Photo: Creative Commons.

stormy clouds


When I first moved to that place, I also attended General Council in Morden. That was in the early 1980s. We did the study called "Sexuality: Gift and Promise". When I arrived at my settlement charge on the Gaspé Coast, that was also the 200 year anniversary of the settling of the British Loyalists. It was a big celebration. As part of it, one local man who had done well for himself in music and had grown up there, came home to do a piano concert, as part of the celebration. This man was also gay. Well, the best piano in town, a grand piano, was at the Brethren Church. However, the Brethren told this gay musician that they "didn't want his fingers on their piano". So, my church, the United Church, extended the invitation for the man to perform at our church. Because of this moment, this invitation to this gay man, I thought that the topic of gay and lesbian ordination wouldn't be an issue in our church. I was wrong.

Then came the fall of 1987. In September we gathered, and I brought my ideas for the fall curriculum —including all youth events, worship focuses, and the MMHS gender/sexuality study from the national church. As we were coming up to the decision, the United Church had produced study material, called MMHS [Ministry, Membership and Human Sexuality]. I thought it was a great opportunity for us to learn. So I thought we would study the document, and that we would all appreciate having learned something new about gender and sexuality. Ha, was I wrong again!

The Elders said, "We are not doing that." I replied, "We are not even studying it?" They said, and I quote, "No. You are not allowed to study it". I again asked in disbelief, "Not even allowed to study it!?"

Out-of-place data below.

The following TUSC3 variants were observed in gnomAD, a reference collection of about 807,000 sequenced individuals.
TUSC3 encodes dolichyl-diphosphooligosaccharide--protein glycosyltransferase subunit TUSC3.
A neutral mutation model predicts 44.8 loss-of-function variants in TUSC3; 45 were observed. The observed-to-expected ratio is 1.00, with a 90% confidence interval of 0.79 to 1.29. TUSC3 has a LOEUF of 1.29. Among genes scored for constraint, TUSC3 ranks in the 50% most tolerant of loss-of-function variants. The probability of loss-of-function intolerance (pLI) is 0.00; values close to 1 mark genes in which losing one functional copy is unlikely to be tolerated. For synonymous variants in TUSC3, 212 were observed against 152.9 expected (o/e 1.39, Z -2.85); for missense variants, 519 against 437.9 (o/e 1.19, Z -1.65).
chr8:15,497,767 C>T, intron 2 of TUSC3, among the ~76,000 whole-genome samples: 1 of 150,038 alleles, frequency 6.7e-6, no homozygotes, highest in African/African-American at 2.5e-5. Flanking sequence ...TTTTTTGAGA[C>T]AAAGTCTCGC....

Now, this meeting was taking place in my home. Four of the Elders of the Session yelled at me. One of them yelled, "Your husband would be so ashamed!" before he stormed out.

The treasurer, bless her heart, went after him and asked, "Not allowed to study? What am I allowed to study then?"

He replied, "Anything but that."

That was the level that we were starting from.

Iridesce: Did it seem that they had gotten together previously to make a unified response to the idea of studying the MMHS document? Or was this a spontaneous reaction? What was going on?

I know that one of them had a son who was gay, and they were terrified to acknowledge that. The whole culture there was that gay topics were the big taboo. This was completely off limits. We could study anything but that. I was left baffled. I asked the same thing: "Why not?"

Iridesce: So… why not?

To study it maybe they thought it would encourage them to think about it. And question. Many of these men were military or ex-military. And in the military in that generation there was a culture of extreme homophobia. Perhaps it's unfair to attribute it to the military. I would like to understand it all better. I thought that this was the way to be able to say no. We could study it and we could write our conclusions and say no.

Photo: Creative Commons.


We used to have a Junior Choir, and I spent a lot of time with the woman who played the piano. She was a woman who took great care to mind her p's and q's. I did an interview on the provincial morning show. They were interested in doing a debate on this issue, and I spoke in the position for the decision. After this interview, I received three of the death threats that I received. I really didn't anticipate that response. I told the piano player that I wanted to shelter her from this kind of negative attention, and offered to do our future musical planning over the phone. She sat up straight and said in solidarity, "Indeed not. We will go to the local promenade and show everyone that I am your friend and that we are in this together". I think it cost her a lot to say that and to ally herself with me. I really appreciated and admired her for that. It was a beautiful moment of grace.